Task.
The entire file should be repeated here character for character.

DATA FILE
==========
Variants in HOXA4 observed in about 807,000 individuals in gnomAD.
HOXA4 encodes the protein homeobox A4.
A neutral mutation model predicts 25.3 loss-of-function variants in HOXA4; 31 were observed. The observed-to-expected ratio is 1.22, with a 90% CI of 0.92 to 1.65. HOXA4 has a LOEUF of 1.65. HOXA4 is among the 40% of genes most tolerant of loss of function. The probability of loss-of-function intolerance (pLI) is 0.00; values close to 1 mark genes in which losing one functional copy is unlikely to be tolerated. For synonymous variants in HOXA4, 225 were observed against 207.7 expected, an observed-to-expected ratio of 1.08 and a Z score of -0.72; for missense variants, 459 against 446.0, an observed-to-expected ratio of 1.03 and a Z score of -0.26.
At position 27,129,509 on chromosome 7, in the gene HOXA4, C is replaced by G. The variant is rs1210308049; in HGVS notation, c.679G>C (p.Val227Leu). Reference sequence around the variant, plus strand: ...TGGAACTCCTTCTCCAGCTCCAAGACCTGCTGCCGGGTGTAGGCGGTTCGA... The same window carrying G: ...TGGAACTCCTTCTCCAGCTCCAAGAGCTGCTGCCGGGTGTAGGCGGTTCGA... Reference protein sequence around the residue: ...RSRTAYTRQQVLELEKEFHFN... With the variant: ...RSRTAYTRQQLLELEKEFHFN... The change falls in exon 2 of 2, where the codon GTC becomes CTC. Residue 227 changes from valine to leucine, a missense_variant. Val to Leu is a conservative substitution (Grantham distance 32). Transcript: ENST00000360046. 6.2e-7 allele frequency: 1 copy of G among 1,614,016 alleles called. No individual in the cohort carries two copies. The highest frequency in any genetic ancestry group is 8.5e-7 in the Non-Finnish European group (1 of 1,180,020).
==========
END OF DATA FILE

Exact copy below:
Variants in HOXA4 observed in about 807,000 individuals in gnomAD.
HOXA4 encodes the protein homeobox A4.
A neutral mutation model predicts 25.3 loss-of-function variants in HOXA4; 31 were observed. The observed-to-expected ratio is 1.22, with a 90% CI of 0.92 to 1.65. HOXA4 has a LOEUF of 1.65. HOXA4 is among the 40% of genes most tolerant of loss of function. The probability of loss-of-function intolerance (pLI) is 0.00; values close to 1 mark genes in which losing one functional copy is unlikely to be tolerated. For synonymous variants in HOXA4, 225 were observed against 207.7 expected, an observed-to-expected ratio of 1.08 and a Z score of -0.72; for missense variants, 459 against 446.0, an observed-to-expected ratio of 1.03 and a Z score of -0.26.
At position 27,129,509 on chromosome 7, in the gene HOXA4, C is replaced by G. The variant is rs1210308049; in HGVS notation, c.679G>C (p.Val227Leu). Reference sequence around the variant, plus strand: ...TGGAACTCCTTCTCCAGCTCCAAGACCTGCTGCCGGGTGTAGGCGGTTCGA... The same window carrying G: ...TGGAACTCCTTCTCCAGCTCCAAGAGCTGCTGCCGGGTGTAGGCGGTTCGA... Reference protein sequence around the residue: ...RSRTAYTRQQVLELEKEFHFN... With the variant: ...RSRTAYTRQQLLELEKEFHFN... The change falls in exon 2 of 2, where the codon GTC becomes CTC. Residue 227 changes from valine to leucine, a missense_variant. Val to Leu is a conservative substitution (Grantham distance 32). Transcript: ENST00000360046. 6.2e-7 allele frequency: 1 copy of G among 1,614,016 alleles called. No individual in the cohort carries two copies. The highest frequency in any genetic ancestry group is 8.5e-7 in the Non-Finnish European group (1 of 1,180,020).